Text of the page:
Product Comparisons: GTX 780 Ti SLI, Radeon R9 295X2
No doubt about it, the GTX Titan Z and the GTX 780 Ti share a lot in the style department, but the Titan Z has definitely put on some extra weight.
Both of the GeForce cards here in question come in at 11-in long and that will help them fit in smaller cases, but as I mentioned on the other page, most mini-ITX cases aren't going to have the space for a triple slot graphics card, regardless of how long it is.
When sitting side by side with the Radeon R9 295X2, the GTX Titan Z is a very different graphics card. The 295X2 is 12.5" long, but only requires a two slot portion of your case/motherboard. Of course, there is that pesky radiator and fan that you have to mount SOMEWHERE in your case as well, also making it difficult for most mini-ITX chassis.
|GeForce GTX Titan Z
|Radeon R9 295X2
|GeForce GTX 780 Ti
|705 MHz Base
876 MHz Boost
|875 MHz Base
928 MHz Boost
|384-bit x 2
|512-bit x 2
There are some interesting specification differences amongst these cards. First, let's look at the Titan Z and the GTX 780 Ti where you see essentially double the specifications including CUDA cores, texture units, ROP units, etc. Memory goes from 3GB on the GTX 780 Ti to 12GB (6GB per GPU) on the GTX Titan Z! But look at the clock speeds though - the Boost clock of the GTX 780 Ti is 928 MHz while the Titan Z runs at 876 MHz, a 6% drop. And as you'll see later, the Titan Z sits at its top clock speeds much less time than GTX 780 Ti does.
The Radeon R9 295X2 offers similarly impressive specs, but it is in fact exactly double that of the Radeon R9 290X. In fact, the 295X2 is able to run about 20 MHz faster than the single GPU option. That's what you can do when you go with water cooling and choose to...ignore the PCIe power limits.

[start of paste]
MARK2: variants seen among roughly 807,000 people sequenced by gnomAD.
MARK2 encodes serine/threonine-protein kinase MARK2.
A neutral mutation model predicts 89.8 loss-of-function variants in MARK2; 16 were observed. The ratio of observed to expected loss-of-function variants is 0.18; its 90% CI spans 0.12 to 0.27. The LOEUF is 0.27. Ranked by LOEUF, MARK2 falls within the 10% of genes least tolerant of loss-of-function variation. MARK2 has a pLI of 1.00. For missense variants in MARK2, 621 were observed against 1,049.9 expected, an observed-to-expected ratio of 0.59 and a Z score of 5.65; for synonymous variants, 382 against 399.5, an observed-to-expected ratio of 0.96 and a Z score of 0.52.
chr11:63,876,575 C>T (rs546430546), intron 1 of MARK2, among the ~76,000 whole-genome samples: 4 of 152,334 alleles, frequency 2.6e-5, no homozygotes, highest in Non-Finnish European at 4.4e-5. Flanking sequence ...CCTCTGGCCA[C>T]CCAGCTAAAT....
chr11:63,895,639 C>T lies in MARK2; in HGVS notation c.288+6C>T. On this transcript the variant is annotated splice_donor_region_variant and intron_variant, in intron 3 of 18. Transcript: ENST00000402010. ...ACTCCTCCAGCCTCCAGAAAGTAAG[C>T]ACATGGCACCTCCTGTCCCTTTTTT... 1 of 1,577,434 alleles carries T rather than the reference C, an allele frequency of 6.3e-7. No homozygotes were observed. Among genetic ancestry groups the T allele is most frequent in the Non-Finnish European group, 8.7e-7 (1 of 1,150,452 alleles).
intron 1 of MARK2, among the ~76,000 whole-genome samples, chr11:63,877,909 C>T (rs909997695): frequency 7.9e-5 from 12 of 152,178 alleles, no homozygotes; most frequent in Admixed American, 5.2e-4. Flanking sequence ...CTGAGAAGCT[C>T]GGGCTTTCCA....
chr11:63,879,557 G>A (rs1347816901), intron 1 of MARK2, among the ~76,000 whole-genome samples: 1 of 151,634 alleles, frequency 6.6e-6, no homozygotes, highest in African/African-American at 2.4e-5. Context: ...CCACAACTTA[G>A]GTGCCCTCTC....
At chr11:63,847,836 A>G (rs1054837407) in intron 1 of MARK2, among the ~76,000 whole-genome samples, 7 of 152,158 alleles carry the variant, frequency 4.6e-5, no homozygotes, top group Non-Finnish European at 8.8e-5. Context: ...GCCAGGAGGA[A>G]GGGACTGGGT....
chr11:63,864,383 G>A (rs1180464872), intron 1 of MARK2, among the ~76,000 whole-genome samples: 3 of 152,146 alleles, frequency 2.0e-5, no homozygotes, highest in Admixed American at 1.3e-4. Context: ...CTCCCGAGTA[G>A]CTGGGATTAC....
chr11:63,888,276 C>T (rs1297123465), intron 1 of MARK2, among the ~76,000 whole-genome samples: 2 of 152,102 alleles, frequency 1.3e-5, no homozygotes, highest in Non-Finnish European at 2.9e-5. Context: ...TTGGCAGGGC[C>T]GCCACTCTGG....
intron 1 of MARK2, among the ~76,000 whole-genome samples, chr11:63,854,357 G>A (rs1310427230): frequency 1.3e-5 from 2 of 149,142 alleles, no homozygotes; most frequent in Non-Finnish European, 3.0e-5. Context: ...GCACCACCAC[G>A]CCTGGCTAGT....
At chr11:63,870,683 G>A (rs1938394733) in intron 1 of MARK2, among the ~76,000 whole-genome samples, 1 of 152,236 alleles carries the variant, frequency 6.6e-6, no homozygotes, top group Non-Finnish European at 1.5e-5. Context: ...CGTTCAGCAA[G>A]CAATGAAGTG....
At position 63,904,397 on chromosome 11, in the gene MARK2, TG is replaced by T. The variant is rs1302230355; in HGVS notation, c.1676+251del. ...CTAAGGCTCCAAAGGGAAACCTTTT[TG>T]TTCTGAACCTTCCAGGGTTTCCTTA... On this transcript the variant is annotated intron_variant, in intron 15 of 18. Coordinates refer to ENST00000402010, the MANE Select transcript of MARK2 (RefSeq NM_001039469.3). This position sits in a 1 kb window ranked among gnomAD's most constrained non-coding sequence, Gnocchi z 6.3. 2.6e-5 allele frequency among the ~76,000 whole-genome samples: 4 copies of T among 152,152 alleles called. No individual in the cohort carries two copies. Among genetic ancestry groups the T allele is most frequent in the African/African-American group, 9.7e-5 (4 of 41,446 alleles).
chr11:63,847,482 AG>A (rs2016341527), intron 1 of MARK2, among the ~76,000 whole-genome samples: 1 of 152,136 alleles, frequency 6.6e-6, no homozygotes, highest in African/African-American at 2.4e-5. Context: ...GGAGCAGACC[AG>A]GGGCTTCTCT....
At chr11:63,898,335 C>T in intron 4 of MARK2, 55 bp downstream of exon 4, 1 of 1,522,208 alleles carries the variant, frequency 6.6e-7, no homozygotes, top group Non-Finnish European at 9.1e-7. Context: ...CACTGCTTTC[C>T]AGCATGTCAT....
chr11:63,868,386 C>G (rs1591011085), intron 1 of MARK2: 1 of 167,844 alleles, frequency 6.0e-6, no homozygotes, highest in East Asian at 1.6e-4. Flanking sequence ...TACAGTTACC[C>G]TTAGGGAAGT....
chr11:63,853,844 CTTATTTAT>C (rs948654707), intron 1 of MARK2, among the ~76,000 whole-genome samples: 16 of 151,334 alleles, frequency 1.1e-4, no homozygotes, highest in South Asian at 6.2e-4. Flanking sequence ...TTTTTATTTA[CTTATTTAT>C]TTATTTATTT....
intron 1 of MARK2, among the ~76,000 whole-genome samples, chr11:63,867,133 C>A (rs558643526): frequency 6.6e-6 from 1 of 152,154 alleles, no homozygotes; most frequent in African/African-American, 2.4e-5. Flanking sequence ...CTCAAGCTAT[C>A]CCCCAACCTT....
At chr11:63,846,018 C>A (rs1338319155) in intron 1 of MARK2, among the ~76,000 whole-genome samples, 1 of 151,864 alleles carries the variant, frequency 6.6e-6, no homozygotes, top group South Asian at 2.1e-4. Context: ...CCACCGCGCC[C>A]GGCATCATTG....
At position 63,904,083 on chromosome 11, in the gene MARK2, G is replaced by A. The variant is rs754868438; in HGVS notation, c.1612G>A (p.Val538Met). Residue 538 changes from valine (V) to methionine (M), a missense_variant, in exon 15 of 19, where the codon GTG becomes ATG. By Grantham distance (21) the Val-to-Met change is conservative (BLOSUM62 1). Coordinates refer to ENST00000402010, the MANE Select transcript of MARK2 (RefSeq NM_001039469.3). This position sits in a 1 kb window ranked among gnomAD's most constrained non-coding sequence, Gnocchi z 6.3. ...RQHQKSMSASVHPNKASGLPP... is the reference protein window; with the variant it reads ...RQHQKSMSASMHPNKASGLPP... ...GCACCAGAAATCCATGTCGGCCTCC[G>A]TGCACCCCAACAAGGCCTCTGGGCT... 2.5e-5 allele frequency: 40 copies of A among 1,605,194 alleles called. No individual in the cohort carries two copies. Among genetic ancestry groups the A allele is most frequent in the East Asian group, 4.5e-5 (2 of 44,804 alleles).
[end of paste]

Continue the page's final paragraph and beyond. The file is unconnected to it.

Look, isn't it nice when GPUs can be friendly, and we can all live in harmony? The GeForce GTX Titan Z and the Radeon R9 295X2 basically attempt to address the same market, those hungry for dual-GPU goodness, but with very different methodology.
The R9 295X2 has a very different output configuration as well, with support for 5 total displays including four mini DisplayPort connections. That does mean the Radeon R9 295X2 will support triple 4K monitors already, while the GeForce option does not.
Since we brought up weight before, here is a funny little picture that shows the Titan Z on a shipping scale, tipping at just about 3 pounds.
However, the Radeon R9 295X2, with its water cooler as well, comes in even heavier at 4 pounds! For comparison, the GeForce GTX 780 Ti weighs in at just over 2 pounds and then for a pair of them in SLI, just about 4 pounds.